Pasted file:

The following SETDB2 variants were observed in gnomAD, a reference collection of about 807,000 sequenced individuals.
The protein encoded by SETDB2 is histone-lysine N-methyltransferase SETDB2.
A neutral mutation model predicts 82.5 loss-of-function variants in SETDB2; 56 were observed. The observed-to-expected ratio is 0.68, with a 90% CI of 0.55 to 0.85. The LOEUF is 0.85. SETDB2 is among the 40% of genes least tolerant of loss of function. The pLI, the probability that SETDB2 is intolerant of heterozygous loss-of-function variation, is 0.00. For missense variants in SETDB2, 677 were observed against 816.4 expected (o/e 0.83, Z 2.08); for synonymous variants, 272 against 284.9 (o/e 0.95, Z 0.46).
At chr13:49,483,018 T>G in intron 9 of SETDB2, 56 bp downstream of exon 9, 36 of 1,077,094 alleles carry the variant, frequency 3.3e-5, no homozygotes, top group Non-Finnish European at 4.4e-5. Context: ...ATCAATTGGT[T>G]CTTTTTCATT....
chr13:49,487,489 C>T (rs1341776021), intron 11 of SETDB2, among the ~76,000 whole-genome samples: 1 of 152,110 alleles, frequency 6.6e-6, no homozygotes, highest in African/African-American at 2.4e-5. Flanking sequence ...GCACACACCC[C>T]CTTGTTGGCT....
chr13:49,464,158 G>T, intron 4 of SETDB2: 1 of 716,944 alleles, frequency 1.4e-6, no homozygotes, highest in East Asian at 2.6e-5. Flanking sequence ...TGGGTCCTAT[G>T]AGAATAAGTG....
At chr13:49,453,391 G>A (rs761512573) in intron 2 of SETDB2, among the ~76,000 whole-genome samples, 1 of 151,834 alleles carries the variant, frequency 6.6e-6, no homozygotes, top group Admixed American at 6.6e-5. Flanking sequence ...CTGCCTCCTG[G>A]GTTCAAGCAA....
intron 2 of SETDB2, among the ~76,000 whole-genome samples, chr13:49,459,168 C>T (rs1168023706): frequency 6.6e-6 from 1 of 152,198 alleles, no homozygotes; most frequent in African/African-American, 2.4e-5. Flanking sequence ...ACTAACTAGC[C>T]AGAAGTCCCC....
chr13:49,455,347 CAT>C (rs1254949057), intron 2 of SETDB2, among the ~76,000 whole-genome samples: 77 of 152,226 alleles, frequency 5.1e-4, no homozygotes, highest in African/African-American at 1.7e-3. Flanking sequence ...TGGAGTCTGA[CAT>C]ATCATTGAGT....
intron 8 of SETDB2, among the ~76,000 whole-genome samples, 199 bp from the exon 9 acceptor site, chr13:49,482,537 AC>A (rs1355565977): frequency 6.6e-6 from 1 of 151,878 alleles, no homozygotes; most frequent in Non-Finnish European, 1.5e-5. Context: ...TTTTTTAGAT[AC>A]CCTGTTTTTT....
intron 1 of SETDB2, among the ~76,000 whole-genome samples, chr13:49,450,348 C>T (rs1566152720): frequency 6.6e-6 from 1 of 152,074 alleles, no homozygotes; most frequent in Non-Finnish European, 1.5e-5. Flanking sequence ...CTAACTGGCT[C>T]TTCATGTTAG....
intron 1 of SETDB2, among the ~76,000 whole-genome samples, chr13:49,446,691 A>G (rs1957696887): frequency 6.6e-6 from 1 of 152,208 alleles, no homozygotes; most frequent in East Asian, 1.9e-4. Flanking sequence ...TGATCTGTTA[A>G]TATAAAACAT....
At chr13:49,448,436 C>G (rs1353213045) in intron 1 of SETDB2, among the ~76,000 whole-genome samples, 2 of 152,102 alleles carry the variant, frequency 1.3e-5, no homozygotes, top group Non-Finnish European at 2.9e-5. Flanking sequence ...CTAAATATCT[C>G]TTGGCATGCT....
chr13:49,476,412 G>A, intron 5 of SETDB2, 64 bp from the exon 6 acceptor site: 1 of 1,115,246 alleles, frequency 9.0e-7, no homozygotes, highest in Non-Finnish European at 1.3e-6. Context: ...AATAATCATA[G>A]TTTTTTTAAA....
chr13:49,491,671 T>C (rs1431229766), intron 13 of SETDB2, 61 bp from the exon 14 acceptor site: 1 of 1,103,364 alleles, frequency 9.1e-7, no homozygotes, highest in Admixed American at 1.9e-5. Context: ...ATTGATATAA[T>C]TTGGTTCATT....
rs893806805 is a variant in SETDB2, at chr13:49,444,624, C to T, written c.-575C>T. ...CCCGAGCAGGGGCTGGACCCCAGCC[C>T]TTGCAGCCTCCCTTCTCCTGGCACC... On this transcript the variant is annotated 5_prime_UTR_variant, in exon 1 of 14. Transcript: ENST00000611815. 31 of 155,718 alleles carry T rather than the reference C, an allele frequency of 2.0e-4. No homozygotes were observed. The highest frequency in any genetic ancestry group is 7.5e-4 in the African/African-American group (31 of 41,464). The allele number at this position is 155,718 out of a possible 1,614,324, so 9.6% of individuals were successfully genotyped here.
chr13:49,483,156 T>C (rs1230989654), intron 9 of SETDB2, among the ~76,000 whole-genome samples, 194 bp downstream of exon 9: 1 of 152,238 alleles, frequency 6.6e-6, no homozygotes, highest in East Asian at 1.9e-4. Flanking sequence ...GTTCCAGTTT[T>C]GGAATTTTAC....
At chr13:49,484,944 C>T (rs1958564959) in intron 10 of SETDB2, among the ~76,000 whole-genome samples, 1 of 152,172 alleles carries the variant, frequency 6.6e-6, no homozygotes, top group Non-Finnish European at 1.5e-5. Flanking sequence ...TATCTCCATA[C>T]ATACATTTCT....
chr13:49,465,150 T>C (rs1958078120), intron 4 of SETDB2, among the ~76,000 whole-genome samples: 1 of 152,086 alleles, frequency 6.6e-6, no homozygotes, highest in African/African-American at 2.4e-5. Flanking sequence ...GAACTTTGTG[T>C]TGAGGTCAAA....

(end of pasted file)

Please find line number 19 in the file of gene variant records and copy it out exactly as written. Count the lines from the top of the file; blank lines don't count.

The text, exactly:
chr13:49,465,150 T>C (rs1958078120), intron 4 of SETDB2, among the ~76,000 whole-genome samples: 1 of 152,086 alleles, frequency 6.6e-6, no homozygotes, highest in African/African-American at 2.4e-5. Flanking sequence ...GAACTTTGTG[T>C]TGAGGTCAAA....